HR Attacks Health-Care Fraud

By Stuart, Peggy | Personnel Journal, March 1995 | Go to article overview

HR Attacks Health-Care Fraud


Stuart, Peggy, Personnel Journal


We read a lot these days about health-care costs. While much of the debate centers on the escalating costs of providing treatment, we hear less about another menacing phenomenon--health-care fraud and abuse.

According to the Washington, D.C.-based National Health Care Anti-Fraud Association (NHCAA), as much as 10% of what the United States spends on health care is lost to outright fraud. Last year's dollar amount could be as high as $100 billion, according to the U.S. General Accounting Office. "Any health-care fraud means totally wasted dollars," says Jim Garcia, head of the health-insurance tracking unit for Hartford, Connecticut-based Aetna Life & Casualty Co. "It's making it difficult for us to compete in the world."

It may be a while before health-care reform takes effect. Even then, it's unclear whether any reform will address fraud and abuse. Employers and human resources professionals, therefore, need to take immediate, proactive steps to recognize and prevent such practices. Otherwise, a company could end up spending wasted dollars on health problems that never existed or were unnecessarily treated. Consumers, of course, would bear most of the burden through skyrocketing insurance premiums, higher taxes, increasing medical expenses, shorter hospital visits and inferior health services. So whether your company is self-insured or not, HR professionals must be involved in learning how to detect and prevent fraudulent practices early on.

Heath-care fraud and abuse include a variety of practices. The most common examples of fraudulent abuse include misrepresenting services, overcharging for services delivered or providing more costly services than required. Abuse may involve actions that are inconsistent with acceptable business and medical practices, such as the approach taken by one mother who called her infant's pediatrician to the house four times in two days--once at 3:30 a.m.--because the child had a cough. (Because the employer's health insurance covered the charges, the mother was unconcerned about the cost.)

Fraud, on the other hand, involves a willful misrepresentation, concealment or nondisclosure of a material fact or misleading conduct that results in some unauthorized benefit such as receiving money. For example, a provider bills the insurance company for procedures that weren't actually performed, along with legitimate claims for the same patient. Health-care fraud and abuse can be committed on any level or at any stage of the health-care delivery system. The culprits can be an employee, a service provider, an insurer, a lawyer, a claims processor or a third-party administrator and investigator. But San Francisco-based Blue Shield of California has found that most fraud and abuse practices it discovers occur among service providers, according to Louis L. Lovato, manager of the company's special-investigations department. Although the majority of health-care providers are honest and ethical, NHCAA estimates that about 2% engage in deliberate or systematic criminal attempts to defraud the private and public-payment systems.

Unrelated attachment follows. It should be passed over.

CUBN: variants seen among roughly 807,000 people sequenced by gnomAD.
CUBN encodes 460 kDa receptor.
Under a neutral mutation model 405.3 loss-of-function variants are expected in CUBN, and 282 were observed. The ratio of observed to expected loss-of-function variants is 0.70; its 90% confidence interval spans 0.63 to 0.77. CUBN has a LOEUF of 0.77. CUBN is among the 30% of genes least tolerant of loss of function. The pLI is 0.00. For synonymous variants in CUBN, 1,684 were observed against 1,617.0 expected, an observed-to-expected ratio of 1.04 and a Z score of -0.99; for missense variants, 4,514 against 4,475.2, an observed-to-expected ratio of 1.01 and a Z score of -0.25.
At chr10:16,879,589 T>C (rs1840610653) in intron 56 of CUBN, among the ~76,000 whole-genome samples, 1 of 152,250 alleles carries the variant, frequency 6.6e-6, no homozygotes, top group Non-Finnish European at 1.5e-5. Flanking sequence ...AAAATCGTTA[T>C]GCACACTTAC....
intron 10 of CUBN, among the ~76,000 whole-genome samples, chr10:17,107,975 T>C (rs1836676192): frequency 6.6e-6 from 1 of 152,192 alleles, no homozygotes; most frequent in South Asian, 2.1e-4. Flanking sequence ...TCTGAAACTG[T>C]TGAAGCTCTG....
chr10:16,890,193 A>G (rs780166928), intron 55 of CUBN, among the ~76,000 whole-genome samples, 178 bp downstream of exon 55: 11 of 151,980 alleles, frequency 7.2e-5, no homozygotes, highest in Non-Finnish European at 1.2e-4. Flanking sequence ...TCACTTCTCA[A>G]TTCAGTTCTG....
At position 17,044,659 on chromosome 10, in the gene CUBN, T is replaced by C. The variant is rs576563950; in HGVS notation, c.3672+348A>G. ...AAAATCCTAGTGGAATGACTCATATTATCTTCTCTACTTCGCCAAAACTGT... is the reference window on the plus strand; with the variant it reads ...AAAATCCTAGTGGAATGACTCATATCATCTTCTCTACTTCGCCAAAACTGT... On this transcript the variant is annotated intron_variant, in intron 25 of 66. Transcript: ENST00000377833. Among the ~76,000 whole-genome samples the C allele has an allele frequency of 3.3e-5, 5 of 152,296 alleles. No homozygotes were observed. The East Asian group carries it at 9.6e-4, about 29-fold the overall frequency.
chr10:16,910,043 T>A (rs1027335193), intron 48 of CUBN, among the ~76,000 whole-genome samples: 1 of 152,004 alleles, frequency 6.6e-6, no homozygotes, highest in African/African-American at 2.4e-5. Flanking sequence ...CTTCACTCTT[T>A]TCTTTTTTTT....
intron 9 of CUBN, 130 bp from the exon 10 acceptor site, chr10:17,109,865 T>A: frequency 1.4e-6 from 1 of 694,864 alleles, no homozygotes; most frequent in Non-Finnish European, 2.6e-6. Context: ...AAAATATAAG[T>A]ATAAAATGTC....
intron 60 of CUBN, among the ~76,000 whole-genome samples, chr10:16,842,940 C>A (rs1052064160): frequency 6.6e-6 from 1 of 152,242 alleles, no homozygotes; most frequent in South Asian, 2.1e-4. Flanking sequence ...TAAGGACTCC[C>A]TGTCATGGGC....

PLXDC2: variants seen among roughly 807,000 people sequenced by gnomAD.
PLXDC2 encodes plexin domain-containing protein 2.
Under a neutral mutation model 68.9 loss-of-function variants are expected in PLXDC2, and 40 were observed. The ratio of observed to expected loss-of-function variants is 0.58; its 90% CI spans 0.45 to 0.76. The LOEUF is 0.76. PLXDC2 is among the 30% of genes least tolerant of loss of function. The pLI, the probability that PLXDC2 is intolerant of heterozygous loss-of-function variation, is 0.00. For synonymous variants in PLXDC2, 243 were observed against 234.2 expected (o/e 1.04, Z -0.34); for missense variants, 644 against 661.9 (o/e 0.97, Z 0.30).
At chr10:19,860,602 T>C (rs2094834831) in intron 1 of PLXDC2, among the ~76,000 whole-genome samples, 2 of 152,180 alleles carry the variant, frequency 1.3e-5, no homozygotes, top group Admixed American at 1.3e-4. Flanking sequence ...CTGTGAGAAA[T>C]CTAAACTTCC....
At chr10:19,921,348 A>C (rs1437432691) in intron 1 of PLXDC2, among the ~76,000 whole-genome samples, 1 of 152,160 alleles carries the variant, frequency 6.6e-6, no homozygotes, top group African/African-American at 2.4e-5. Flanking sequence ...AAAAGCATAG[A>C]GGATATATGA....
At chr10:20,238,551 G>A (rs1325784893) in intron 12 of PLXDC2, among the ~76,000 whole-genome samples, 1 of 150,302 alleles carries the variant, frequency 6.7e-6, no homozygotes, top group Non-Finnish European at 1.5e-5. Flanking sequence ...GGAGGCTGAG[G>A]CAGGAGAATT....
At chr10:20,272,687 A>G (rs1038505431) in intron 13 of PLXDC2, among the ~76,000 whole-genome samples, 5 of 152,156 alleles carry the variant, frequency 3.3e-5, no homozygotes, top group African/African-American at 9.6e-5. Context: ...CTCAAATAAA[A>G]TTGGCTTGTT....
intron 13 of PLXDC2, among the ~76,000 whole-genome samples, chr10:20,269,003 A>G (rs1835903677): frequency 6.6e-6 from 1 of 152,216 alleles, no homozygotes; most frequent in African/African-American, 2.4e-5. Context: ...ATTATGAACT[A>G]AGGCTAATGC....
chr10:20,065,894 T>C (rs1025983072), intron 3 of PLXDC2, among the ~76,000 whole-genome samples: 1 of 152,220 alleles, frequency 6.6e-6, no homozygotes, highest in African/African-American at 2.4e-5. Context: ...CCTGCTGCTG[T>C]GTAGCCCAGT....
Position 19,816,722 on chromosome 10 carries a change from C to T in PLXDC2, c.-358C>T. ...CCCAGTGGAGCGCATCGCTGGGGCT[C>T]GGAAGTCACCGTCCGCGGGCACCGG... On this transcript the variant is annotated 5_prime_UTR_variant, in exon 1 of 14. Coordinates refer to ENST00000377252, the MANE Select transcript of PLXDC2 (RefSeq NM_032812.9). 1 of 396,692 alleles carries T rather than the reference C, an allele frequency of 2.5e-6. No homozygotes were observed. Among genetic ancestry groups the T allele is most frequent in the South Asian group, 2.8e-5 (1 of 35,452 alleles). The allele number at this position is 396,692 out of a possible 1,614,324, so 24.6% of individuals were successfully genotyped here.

The intent may be as innocent as trying to get the health-insurance company to pay for a needed treatment, or it may simply be an attempt to make extra money. Some examples of provider-generated fraud include:

* Overcharging;

* Billing for services not rendered;

* Rendering unnecessary or inappropriate services;

* Altering diagnoses;

* Waiving copayments;

* Submitting claims for free services.

Some of these practices may involve a conspiracy between the doctor and the patient, usually in an effort to get the insurance company to pay for a procedure that isn't covered by the insurance, such as a tummy tuck. "We get records and are careful, but plastic surgeons sometimes get these through," Lovato says.

Providers may be tempted to waive copayments for a patient who seems to be in need of treatment but unwilling or unable to take on the expense involved. …

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